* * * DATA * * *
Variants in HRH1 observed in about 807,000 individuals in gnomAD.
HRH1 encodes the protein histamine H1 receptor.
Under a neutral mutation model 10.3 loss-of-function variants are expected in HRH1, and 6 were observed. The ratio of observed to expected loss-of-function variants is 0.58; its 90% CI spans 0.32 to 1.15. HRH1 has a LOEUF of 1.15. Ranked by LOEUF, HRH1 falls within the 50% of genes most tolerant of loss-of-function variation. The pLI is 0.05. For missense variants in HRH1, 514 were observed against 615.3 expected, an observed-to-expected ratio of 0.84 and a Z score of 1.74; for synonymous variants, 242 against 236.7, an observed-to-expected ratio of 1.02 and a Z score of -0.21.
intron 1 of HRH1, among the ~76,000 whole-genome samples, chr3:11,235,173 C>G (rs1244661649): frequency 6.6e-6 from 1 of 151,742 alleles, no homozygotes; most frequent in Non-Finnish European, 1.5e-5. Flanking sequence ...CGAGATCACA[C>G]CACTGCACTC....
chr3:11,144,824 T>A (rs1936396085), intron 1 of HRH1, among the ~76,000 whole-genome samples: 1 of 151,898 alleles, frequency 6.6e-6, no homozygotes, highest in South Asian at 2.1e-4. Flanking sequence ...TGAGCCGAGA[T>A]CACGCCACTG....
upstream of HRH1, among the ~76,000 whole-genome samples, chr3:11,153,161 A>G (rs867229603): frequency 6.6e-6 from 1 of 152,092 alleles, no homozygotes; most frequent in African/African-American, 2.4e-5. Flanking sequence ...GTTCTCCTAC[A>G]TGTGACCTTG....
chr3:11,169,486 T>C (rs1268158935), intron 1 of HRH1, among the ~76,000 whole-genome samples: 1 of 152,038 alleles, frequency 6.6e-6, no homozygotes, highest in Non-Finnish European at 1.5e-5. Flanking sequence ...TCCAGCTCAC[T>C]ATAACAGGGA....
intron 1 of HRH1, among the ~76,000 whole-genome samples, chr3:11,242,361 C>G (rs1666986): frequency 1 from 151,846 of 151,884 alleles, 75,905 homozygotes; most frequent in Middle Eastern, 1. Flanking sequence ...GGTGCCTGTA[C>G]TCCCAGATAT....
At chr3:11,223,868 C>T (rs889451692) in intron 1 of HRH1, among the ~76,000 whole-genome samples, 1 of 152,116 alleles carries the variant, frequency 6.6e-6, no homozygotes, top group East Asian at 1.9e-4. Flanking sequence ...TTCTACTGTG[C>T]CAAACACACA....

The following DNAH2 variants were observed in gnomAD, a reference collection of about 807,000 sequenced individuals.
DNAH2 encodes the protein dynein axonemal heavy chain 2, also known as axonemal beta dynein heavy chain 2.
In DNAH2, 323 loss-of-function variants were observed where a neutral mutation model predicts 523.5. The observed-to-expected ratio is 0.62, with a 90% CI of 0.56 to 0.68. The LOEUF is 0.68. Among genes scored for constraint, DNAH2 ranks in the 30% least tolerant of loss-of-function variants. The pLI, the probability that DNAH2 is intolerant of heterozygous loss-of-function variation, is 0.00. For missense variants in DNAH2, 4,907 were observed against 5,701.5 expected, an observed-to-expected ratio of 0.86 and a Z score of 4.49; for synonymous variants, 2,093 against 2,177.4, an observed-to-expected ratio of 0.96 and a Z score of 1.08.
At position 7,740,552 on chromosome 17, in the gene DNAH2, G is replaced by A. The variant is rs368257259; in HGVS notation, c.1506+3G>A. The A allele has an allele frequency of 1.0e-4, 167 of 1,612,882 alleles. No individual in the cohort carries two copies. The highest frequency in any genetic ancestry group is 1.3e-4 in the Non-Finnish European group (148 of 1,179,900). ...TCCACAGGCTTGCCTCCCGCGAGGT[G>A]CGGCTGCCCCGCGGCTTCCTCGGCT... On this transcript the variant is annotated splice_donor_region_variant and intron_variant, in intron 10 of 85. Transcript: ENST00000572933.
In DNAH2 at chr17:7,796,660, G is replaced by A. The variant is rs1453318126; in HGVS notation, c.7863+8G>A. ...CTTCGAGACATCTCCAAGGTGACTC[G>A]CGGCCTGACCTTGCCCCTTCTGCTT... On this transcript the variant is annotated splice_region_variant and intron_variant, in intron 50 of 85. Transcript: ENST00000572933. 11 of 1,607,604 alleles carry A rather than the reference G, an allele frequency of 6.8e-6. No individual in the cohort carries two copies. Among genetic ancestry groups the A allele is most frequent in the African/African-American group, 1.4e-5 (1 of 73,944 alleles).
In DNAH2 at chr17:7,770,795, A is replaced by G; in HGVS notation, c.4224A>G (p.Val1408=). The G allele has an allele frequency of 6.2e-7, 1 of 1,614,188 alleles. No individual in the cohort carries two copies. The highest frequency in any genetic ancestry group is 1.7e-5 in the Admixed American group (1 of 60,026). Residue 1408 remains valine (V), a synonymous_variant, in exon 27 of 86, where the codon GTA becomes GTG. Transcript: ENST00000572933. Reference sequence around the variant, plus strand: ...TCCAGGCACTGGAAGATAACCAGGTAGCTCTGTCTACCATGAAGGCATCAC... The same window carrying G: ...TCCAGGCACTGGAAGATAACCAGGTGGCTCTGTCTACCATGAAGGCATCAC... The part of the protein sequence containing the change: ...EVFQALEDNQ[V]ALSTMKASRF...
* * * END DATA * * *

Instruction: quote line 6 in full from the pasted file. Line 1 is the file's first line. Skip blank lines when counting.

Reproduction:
upstream of HRH1, among the ~76,000 whole-genome samples, chr3:11,153,161 A>G (rs867229603): frequency 6.6e-6 from 1 of 152,092 alleles, no homozygotes; most frequent in African/African-American, 2.4e-5. Flanking sequence ...GTTCTCCTAC[A>G]TGTGACCTTG....